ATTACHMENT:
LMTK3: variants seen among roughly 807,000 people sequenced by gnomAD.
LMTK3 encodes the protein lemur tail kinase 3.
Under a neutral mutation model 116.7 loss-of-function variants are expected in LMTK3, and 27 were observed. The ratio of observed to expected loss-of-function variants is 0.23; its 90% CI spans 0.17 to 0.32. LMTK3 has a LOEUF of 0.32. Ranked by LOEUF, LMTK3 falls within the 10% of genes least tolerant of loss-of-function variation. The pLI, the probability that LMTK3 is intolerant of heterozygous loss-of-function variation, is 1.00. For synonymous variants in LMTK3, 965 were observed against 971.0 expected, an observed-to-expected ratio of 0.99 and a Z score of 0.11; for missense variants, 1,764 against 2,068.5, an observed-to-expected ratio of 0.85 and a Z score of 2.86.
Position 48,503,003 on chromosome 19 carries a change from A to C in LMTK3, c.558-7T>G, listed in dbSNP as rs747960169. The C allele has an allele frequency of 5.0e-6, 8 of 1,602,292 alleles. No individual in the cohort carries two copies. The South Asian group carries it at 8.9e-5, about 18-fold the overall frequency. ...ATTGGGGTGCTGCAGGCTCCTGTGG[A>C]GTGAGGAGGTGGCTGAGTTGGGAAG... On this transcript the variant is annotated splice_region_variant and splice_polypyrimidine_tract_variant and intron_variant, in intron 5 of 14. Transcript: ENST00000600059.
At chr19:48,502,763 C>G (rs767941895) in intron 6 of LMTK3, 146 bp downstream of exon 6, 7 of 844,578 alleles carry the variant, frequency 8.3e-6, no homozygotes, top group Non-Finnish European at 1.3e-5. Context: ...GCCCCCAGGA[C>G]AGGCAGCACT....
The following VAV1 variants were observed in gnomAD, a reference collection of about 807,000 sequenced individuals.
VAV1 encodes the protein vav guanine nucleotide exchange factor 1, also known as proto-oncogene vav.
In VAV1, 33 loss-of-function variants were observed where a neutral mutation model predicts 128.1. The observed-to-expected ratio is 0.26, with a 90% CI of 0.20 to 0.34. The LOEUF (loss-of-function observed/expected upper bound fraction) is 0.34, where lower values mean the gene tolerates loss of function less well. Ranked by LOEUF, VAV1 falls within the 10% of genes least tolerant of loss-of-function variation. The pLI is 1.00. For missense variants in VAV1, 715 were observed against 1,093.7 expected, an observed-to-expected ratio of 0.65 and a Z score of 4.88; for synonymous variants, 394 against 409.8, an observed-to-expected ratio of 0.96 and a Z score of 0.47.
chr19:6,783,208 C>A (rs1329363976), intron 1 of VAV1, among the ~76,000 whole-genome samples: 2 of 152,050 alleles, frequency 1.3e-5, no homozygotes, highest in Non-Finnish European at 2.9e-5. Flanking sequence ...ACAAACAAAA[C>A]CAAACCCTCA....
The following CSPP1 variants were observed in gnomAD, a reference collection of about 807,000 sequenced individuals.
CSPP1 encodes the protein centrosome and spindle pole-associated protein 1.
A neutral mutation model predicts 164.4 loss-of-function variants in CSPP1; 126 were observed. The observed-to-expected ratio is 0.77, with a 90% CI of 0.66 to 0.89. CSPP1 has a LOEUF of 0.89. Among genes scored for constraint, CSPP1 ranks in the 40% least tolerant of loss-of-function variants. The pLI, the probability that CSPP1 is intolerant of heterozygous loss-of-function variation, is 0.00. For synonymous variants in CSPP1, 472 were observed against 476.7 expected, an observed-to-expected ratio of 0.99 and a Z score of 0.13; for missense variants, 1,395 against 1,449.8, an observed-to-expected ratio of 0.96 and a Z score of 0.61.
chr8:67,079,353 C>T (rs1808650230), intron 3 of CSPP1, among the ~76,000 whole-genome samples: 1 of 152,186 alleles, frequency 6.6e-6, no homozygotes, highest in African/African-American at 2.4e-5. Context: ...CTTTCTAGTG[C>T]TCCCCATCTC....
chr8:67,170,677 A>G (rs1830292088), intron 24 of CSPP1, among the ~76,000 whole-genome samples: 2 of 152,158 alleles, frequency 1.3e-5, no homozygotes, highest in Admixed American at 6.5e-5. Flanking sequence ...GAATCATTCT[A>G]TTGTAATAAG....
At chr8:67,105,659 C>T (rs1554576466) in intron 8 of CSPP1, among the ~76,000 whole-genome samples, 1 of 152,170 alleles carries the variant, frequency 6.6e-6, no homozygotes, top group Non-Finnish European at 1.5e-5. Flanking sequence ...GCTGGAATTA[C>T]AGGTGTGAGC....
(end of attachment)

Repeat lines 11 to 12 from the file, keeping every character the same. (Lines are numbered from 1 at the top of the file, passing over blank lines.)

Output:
CSPP1 encodes the protein centrosome and spindle pole-associated protein 1.
A neutral mutation model predicts 164.4 loss-of-function variants in CSPP1; 126 were observed. The observed-to-expected ratio is 0.77, with a 90% CI of 0.66 to 0.89. CSPP1 has a LOEUF of 0.89. Among genes scored for constraint, CSPP1 ranks in the 40% least tolerant of loss-of-function variants. The pLI, the probability that CSPP1 is intolerant of heterozygous loss-of-function variation, is 0.00. For synonymous variants in CSPP1, 472 were observed against 476.7 expected, an observed-to-expected ratio of 0.99 and a Z score of 0.13; for missense variants, 1,395 against 1,449.8, an observed-to-expected ratio of 0.96 and a Z score of 0.61.